'Zenge' Review - Everything Slides Into Place

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April 22nd, 2016 11:39 AM EDT by Chris Carter in $0.99, 4 stars, Games, iPad Games, iPhone games, Puzzle, Reviews, Universal
99¢ Buy Now

At a very young age, I was trained for puzzle games. You know, putting those square pegs into their appropriate holes, Operation to meticulously work on my reaction times, and so on. All of those tabletop experiences trained me for what was to come down the road, when I had to put those same pegs into hundreds of different locations over the years, dreamed up by some of the most prophetic puzzle designers the world has ever seen. That includes Zenge [$0.99], which takes the core premise of shifting around different shapes into one magnificent canvas...

'Warbits' Review - War Never Changes

Do you like Advance Wars? The 2001 Game Boy Advance turn-based strategy game holds a special place in a lot of folks' hearts because it was an interesting and accessible game, being the first strategy game that many people played, myself included. Many turn-based strategy games to this day owe a signifcant debt to Advance Wars. Warbits [$3.99] falls well in that category, but it's probably more accurate to say that it's trying to be Advance Wars. It lacks originality, but it doesn't screw anything up on the way, and it's Advance Wars on your phone with online play. I'm not hearing any objections...

There are a lot of different ways a piece of interactive fiction can succeed. Some of them tell a great story, some of them give the player a genuine feel of agency in the plot, and some of them have interesting puzzles. Some have tense, RPG-like battles, while others have no fighting at all and focus on building character relationships. A few just take a very interesting setting or theme and run with it. But for all of these strong points that gamebooks can take advantage of, there are a ton of pitfalls that, if not specific to the format, are at least more potentially devastating to the overall enjoyment of a work. It's not an easy thing to put a smooth, highly-interactive narrative together that manages to be strong enough to carry an entire game. It involves almost all of the headaches of writing a good book combined with the difficulties of quality game design...

'Super Tribes' Review - Global Domination, Bit by Bit

The RTS genre is one I remember fondly. Micromanaging troops and building an empire is an unparalleled joy in some cases. For some titles, it was all about just getting through the day, and taking out an enemy force. But for others, it was about managing an economy, and growing over time to support your people. They’re the kind of games that lend themselves well to short or marathon sessions, where you can just pop in, stress free, and take care of business. The mobile arena is a perfect fit for that type of game, and Super Tribes [Free] is happy to accommodate...

'Pang Adventures' Review - Pang, Nab It

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April 20th, 2016 11:01 AM EDT by Shaun Musgrave in $2.99, 4 stars, Action, Arcade, Game Center, iPad Games, iPhone games, Reviews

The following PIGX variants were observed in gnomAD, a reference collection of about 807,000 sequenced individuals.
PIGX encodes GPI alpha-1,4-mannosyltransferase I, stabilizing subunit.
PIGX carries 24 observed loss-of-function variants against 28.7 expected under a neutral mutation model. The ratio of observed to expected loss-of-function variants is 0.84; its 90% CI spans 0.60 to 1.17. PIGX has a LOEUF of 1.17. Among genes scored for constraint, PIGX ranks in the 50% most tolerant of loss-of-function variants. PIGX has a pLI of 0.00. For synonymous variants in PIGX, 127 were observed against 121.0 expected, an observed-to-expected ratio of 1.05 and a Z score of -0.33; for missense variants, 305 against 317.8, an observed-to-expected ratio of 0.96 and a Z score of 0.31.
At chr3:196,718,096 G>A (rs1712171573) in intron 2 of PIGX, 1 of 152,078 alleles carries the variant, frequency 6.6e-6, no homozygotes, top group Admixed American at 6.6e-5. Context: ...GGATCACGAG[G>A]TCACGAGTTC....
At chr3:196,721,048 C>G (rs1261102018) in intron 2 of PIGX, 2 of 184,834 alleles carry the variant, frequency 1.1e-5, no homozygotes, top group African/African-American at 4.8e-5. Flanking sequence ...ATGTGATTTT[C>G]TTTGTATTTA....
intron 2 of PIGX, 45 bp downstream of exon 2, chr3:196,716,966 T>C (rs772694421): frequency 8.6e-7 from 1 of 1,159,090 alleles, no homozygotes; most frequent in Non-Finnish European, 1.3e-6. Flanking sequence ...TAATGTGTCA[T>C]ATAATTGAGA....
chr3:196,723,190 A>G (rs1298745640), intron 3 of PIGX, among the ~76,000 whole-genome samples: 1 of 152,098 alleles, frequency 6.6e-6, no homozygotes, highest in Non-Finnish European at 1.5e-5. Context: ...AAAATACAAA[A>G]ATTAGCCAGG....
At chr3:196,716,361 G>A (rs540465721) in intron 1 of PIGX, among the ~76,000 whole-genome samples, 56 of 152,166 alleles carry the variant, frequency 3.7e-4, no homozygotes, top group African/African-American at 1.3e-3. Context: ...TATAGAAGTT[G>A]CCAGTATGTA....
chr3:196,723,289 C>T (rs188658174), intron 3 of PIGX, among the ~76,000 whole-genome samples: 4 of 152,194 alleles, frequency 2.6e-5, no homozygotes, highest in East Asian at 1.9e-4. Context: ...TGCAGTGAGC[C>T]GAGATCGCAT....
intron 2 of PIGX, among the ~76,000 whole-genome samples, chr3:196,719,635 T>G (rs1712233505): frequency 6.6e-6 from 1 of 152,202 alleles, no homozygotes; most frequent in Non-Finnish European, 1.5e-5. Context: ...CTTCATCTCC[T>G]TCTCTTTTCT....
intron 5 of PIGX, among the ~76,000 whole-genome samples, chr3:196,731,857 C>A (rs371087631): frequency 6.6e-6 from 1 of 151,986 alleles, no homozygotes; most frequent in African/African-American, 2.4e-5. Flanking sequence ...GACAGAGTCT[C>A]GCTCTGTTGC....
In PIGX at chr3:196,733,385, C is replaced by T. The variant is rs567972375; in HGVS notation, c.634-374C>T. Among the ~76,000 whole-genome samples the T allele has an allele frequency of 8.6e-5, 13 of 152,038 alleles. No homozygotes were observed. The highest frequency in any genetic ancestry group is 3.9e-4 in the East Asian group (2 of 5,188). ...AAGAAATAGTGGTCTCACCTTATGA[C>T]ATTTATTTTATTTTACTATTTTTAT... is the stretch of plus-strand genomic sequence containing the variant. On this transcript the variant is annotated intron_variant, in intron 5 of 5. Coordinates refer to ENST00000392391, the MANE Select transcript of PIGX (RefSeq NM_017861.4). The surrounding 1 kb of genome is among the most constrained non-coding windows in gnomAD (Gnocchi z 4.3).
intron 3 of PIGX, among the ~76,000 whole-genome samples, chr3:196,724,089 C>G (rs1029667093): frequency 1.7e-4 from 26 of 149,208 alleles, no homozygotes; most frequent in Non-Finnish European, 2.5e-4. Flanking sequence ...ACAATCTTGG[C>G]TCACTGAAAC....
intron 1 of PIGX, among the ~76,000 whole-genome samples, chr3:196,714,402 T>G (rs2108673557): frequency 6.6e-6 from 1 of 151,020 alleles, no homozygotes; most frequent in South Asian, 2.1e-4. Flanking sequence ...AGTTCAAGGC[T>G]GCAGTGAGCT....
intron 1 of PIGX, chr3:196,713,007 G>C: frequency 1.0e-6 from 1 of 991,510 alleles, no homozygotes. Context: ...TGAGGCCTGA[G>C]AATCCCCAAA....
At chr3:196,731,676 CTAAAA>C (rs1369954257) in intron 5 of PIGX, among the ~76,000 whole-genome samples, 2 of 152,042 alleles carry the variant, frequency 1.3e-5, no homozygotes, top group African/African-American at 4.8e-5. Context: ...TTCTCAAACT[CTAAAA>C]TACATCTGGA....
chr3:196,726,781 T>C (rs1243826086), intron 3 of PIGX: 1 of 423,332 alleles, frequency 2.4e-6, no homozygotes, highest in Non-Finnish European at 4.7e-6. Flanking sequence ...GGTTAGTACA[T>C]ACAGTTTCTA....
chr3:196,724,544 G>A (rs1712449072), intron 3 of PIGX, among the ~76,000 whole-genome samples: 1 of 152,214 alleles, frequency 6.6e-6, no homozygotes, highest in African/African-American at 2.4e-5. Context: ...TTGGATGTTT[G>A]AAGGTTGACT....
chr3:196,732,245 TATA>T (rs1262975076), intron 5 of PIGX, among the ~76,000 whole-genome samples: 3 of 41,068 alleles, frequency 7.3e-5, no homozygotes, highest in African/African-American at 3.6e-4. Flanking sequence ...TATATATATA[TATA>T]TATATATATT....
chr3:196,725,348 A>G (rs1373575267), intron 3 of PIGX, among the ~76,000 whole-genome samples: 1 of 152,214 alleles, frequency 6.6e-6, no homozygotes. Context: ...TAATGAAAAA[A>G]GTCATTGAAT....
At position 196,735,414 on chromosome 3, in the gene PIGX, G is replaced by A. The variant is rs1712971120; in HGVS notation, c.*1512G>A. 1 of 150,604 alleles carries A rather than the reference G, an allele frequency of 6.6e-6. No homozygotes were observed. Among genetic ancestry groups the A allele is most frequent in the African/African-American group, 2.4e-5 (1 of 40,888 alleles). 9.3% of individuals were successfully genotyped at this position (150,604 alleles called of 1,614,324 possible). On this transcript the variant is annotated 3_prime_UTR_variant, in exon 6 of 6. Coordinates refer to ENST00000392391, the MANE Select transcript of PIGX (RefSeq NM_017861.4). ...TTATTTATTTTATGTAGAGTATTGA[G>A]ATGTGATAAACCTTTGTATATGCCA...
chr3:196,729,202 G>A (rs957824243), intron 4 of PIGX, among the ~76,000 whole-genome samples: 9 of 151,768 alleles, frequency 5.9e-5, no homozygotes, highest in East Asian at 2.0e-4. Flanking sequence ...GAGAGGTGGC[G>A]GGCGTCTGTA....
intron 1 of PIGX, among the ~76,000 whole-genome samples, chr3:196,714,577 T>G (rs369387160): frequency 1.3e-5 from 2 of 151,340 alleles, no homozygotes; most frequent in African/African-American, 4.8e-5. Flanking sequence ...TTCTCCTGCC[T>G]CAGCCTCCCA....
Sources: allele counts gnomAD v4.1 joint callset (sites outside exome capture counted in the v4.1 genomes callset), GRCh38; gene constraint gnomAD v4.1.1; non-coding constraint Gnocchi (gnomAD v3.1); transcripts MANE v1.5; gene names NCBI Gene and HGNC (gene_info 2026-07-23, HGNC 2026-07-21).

$3.99 Buy Now

Until now, publisher Dotemu's work on iOS has been mostly limited to bringing back beloved classics in their original forms. Their releases have run the gamut from arcade shoot-em-ups like R.Type [$1.99] to point-and-click PC titles like Sanitarium [$3.99], to say nothing of the work they've done for other companies like SNK and Square Enix. Pang Adventures [$3.99] is something of an unusual case for the prolific French publisher, as it's a new game based on an old favorite franchise. You might remember the series under the names Pang, Buster Bros., Pomping World, Magical Michael, or if you're particularly well-informed, Cannon Ball. We'll go with Pang for the purposes of this review...

Well, here it is, everyone. Magikiras [Free] is easily one of the worst gamebooks I've played in my years of reviewing, and hands-down the most painful. It's absurdly long given its meager premise, poorly-written, and just plain boring. There are tons of spelling and grammar mistakes, and many other instances of incorrect English. It's linear to a fault, with almost every choice in the book save a few very important ones coming down to the same set of approaches listed in the same order. Even those chances come entirely too sporadically, however. You'll mostly just be tapping through page after page of banal text, praying for a release that is perpetually too far away...

If you've watched The Walking Dead TV show, then you probably know Michonne as the almost-immortal bad-ass with the samurai sword who chops off zombie heads as if her sole purpose is helping the poor creatures depart this world. The Michonne of the TV show has consistently been the most independent and strongest of the survivors, despite a few moments when her traumatic past rises to the surface. Those few moments aside, Michonne's character stands as the glue that often holds the group together, and her sheer will, determination, and head-chopping skills have turned her into possibly the greatest symbol of strength in the face of adversity. Having this Michonne in mind, I was immediately surprised by the way she's portrayed in the first episode of Telltale's three-part miniseries, The Walking Dead: Michonne [$4.99] (sorry, spoilers from here onwards)...